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Mars astronauts at greater risk of cancer than previously thought

Cosmic rays are much more of a threat than expected.

You might not want to book that trip to Mars just yet. Researchers have published a study estimating that the risk of cancer from cosmic rays is twice as high as previously thought. They've determined that conventional risk models are incomplete. While NASA and other groups believe that radiation-based cancer stems only from direct cell damage and mutations, the new model accounts for the possibility that heavily damaged cells will increase the cancer risk for "bystander" cells. There's a knock-on effect that would be difficult to escape.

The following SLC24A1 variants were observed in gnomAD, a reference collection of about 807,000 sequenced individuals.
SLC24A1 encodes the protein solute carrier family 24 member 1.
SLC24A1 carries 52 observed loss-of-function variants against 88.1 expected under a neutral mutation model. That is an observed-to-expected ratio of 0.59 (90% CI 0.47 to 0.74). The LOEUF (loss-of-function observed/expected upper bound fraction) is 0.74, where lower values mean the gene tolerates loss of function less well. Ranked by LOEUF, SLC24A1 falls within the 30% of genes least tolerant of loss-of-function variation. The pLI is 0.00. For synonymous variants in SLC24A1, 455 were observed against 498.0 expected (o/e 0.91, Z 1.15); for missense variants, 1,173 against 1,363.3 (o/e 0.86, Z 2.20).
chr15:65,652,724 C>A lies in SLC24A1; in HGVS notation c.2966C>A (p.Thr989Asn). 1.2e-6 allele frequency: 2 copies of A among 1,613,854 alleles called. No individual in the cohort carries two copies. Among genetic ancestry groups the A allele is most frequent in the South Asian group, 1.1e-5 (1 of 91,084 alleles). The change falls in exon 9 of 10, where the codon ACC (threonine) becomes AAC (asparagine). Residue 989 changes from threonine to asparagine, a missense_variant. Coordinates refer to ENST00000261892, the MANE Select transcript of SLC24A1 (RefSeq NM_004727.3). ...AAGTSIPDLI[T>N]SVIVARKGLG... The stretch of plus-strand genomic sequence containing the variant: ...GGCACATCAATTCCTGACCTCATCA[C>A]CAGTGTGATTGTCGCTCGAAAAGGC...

And unfortunately, it wouldn't be a simple matter of wearing a thicker spacesuit. The team believes that existing radiation shielding technology would only "modestly decrease" the threat. Remember, astronauts will likely need to spend hundreds of days on a planet with little protection against cosmic rays, and over a year in deep space. They'll need protection that can withstand serious cosmic ray exposure for extended periods, and current equipment is only really meant to endure mild levels.

The scientists see their findings as a call to action. The medical community will need to spend more time assessing cancer risks before sending astronauts on long trips, and that there are serious ethical concerns if humanity sends people to Mars without a good understanding of the dangers involved. Do you want astronauts to visit knowing there's a significant possibility they'll meet a premature end as a result? This doesn't mean that us humans should put all manned visits on hold, but we might want to think twice about rushing our exploration plans.